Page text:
Biosecurity experts have praised the quick thinking of a Lawson resident after removing a large feral pig from the Mid Mountains village on April 27.
Steve Clarke and his wife Tania were shocked when they woke to find their usually pristine backyard destroyed overnight.
"The garden was desecrated, hundreds of dollars' worth of tulips had been destroyed and heavy paving stones smashed," Mr Clarke said.
"We didn't know what it was until we checked our home cameras, that's when we saw the pig which must've weighed more than 50 kilos. It was really dangerous."
Mr Clarke contacted the Greater Sydney Local Land Services biosecurity team with officer Jacob French on site the next day.
"He was very professional and took his job very seriously," Mr Clarke said.
Mr French started by leaving feed out for the pig overnight before setting up a trap the next day.
"We caught it the first night which is an excellent result and such a relief," he said.
"Feral pigs are dangerous, potentially carry serious diseases for livestock, domestic animals and humans, we don't want them roaming our streets."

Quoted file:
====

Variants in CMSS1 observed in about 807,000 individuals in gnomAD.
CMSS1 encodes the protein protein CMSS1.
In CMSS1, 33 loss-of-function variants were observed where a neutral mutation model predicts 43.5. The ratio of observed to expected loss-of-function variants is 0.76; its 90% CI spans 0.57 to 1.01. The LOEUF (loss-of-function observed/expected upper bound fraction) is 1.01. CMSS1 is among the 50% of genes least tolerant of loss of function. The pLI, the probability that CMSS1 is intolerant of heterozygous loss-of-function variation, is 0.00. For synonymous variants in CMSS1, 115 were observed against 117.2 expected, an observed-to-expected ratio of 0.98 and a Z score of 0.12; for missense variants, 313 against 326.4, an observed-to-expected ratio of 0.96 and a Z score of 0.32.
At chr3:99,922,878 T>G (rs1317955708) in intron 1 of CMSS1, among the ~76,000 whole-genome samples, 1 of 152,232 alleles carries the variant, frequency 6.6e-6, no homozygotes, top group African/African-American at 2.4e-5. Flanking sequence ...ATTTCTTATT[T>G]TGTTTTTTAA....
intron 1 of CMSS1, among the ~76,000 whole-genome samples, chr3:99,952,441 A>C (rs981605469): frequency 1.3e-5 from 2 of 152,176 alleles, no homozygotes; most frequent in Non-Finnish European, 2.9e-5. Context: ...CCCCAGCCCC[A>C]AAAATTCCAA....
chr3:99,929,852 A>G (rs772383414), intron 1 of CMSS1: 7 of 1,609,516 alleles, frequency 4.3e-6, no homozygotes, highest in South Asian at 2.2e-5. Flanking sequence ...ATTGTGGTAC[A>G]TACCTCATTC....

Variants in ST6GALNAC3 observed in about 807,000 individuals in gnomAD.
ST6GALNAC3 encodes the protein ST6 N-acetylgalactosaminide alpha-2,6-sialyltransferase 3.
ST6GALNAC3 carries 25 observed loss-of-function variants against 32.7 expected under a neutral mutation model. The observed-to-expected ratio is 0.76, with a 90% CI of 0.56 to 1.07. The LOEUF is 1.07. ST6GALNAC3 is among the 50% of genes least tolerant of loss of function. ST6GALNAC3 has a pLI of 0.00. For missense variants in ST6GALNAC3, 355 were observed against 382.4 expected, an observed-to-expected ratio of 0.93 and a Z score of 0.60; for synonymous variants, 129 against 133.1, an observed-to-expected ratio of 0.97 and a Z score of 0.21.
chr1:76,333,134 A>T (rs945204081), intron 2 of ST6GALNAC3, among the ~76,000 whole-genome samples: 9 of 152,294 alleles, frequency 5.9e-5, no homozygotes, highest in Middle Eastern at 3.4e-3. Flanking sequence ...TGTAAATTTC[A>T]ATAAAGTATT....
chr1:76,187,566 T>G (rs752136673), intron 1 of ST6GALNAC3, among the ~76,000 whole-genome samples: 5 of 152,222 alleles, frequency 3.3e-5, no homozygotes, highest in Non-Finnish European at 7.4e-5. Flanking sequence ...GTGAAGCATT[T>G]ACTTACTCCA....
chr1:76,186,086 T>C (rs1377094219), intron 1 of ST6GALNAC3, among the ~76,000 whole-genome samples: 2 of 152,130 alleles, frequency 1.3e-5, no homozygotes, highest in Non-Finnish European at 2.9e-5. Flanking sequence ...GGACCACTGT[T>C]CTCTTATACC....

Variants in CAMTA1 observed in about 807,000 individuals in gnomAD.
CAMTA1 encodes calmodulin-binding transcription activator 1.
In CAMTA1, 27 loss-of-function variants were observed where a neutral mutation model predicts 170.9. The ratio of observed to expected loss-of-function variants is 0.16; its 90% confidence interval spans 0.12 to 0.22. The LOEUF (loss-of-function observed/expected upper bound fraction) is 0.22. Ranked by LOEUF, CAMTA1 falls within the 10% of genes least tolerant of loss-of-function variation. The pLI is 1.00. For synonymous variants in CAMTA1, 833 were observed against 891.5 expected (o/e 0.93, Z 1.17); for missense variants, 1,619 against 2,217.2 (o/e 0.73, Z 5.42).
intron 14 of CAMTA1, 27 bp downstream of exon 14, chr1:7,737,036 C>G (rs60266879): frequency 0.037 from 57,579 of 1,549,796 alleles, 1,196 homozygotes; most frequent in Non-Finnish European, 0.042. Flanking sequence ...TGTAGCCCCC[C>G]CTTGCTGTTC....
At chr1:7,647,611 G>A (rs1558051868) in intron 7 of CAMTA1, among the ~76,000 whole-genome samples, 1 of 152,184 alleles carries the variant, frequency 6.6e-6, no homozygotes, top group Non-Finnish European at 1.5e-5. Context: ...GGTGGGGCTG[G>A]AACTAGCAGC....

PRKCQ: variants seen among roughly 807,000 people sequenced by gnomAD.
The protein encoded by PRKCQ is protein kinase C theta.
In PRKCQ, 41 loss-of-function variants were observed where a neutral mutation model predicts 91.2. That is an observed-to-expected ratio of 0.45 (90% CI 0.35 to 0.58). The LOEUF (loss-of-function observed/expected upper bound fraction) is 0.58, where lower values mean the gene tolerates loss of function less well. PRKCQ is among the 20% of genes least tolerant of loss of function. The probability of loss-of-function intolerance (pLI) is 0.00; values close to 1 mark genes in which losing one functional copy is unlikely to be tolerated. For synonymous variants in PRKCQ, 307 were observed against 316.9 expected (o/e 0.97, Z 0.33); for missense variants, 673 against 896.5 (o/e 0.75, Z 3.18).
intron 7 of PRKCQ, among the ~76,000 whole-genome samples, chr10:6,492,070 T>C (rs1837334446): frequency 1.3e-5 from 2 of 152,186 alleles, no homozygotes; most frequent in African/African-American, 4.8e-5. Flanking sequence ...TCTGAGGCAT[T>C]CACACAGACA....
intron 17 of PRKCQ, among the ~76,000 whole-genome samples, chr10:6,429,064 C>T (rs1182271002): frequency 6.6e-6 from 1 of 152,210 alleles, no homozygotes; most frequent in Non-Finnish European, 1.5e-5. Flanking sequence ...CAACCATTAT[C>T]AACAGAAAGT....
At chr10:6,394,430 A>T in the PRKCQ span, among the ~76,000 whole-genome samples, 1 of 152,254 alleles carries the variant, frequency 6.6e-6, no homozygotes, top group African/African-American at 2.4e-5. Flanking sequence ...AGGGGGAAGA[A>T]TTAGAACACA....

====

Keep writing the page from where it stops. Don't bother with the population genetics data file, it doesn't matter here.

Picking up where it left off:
Mr French praised the couple's quick thinking and urged other residents experiencing serious issues to do the same.
"We rely on landholders, the community and public land managers to report attacks on livestock, sightings and other potential impacts from pest animals and are available to provide advice and assistance where ever possible," he said.
"Feral pigs are particularly active at this time of year because of the abundance of feed available."
Twelve hazard reductions planned
Mountains residents can expect more smoky days as the autumn hazard reduction season continues.
Several burns were held last week - with a large one focused near Bulls Camp in Woodford. Another burn, causing much of the smoke, started at Linden Creek on Saturday with about 1,000 hectares set to burn. Visibility issues were expected on the Great Western Highway. Two further burns were expected to start on Monday (at Little Crater and Diggers Creek) in Blue Mountains National Park.
People with asthma, or those susceptible to respiratory problems, are advised to keep clear of the area or stay indoors. All park and trail closures will be listed on the National Parks and Wildlife Service Alerts website.
The Linden Creek burn is one of 12 hazard reductions the NPWS has planned in the Blue Mountains National Park this autumn. For more details on hazard reductions check the Rural Fire Service "Fires near me" app.